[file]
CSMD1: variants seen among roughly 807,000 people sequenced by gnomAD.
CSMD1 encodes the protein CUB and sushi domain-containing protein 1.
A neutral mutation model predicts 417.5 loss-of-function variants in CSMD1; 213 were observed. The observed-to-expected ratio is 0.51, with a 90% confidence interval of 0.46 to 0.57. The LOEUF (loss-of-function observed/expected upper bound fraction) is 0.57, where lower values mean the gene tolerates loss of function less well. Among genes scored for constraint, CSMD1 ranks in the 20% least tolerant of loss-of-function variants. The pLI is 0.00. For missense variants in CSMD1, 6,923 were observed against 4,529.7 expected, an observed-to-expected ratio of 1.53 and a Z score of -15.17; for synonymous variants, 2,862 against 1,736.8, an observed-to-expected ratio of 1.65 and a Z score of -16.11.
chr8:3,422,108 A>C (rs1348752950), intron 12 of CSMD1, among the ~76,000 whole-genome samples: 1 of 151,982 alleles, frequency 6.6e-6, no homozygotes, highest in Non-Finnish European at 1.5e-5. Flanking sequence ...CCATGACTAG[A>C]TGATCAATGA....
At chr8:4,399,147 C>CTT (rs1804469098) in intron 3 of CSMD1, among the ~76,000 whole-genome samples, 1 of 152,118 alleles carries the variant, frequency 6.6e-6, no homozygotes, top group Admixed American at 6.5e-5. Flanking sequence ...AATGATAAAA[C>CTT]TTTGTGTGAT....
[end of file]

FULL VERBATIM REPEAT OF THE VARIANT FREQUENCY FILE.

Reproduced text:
CSMD1: variants seen among roughly 807,000 people sequenced by gnomAD.
CSMD1 encodes the protein CUB and sushi domain-containing protein 1.
A neutral mutation model predicts 417.5 loss-of-function variants in CSMD1; 213 were observed. The observed-to-expected ratio is 0.51, with a 90% confidence interval of 0.46 to 0.57. The LOEUF (loss-of-function observed/expected upper bound fraction) is 0.57, where lower values mean the gene tolerates loss of function less well. Among genes scored for constraint, CSMD1 ranks in the 20% least tolerant of loss-of-function variants. The pLI is 0.00. For missense variants in CSMD1, 6,923 were observed against 4,529.7 expected, an observed-to-expected ratio of 1.53 and a Z score of -15.17; for synonymous variants, 2,862 against 1,736.8, an observed-to-expected ratio of 1.65 and a Z score of -16.11.
chr8:3,422,108 A>C (rs1348752950), intron 12 of CSMD1, among the ~76,000 whole-genome samples: 1 of 151,982 alleles, frequency 6.6e-6, no homozygotes, highest in Non-Finnish European at 1.5e-5. Flanking sequence ...CCATGACTAG[A>C]TGATCAATGA....
At chr8:4,399,147 C>CTT (rs1804469098) in intron 3 of CSMD1, among the ~76,000 whole-genome samples, 1 of 152,118 alleles carries the variant, frequency 6.6e-6, no homozygotes, top group Admixed American at 6.5e-5. Flanking sequence ...AATGATAAAA[C>CTT]TTTGTGTGAT....